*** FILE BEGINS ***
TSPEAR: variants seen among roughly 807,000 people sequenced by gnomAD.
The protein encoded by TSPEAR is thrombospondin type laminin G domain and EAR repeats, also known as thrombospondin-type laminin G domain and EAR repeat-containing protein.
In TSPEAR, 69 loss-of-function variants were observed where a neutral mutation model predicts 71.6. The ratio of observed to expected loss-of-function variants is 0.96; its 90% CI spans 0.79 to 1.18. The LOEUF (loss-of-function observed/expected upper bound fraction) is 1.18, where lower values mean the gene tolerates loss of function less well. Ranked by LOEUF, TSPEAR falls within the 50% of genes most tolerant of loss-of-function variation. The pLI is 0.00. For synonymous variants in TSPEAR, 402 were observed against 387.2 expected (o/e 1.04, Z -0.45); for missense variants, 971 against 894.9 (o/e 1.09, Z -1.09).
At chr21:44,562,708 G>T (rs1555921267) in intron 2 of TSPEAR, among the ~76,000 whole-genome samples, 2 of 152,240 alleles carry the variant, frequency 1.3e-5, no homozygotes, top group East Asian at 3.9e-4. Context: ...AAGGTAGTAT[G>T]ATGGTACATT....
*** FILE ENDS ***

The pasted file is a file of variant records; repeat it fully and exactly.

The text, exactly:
TSPEAR: variants seen among roughly 807,000 people sequenced by gnomAD.
The protein encoded by TSPEAR is thrombospondin type laminin G domain and EAR repeats, also known as thrombospondin-type laminin G domain and EAR repeat-containing protein.
In TSPEAR, 69 loss-of-function variants were observed where a neutral mutation model predicts 71.6. The ratio of observed to expected loss-of-function variants is 0.96; its 90% CI spans 0.79 to 1.18. The LOEUF (loss-of-function observed/expected upper bound fraction) is 1.18, where lower values mean the gene tolerates loss of function less well. Ranked by LOEUF, TSPEAR falls within the 50% of genes most tolerant of loss-of-function variation. The pLI is 0.00. For synonymous variants in TSPEAR, 402 were observed against 387.2 expected (o/e 1.04, Z -0.45); for missense variants, 971 against 894.9 (o/e 1.09, Z -1.09).
At chr21:44,562,708 G>T (rs1555921267) in intron 2 of TSPEAR, among the ~76,000 whole-genome samples, 2 of 152,240 alleles carry the variant, frequency 1.3e-5, no homozygotes, top group East Asian at 3.9e-4. Context: ...AAGGTAGTAT[G>T]ATGGTACATT....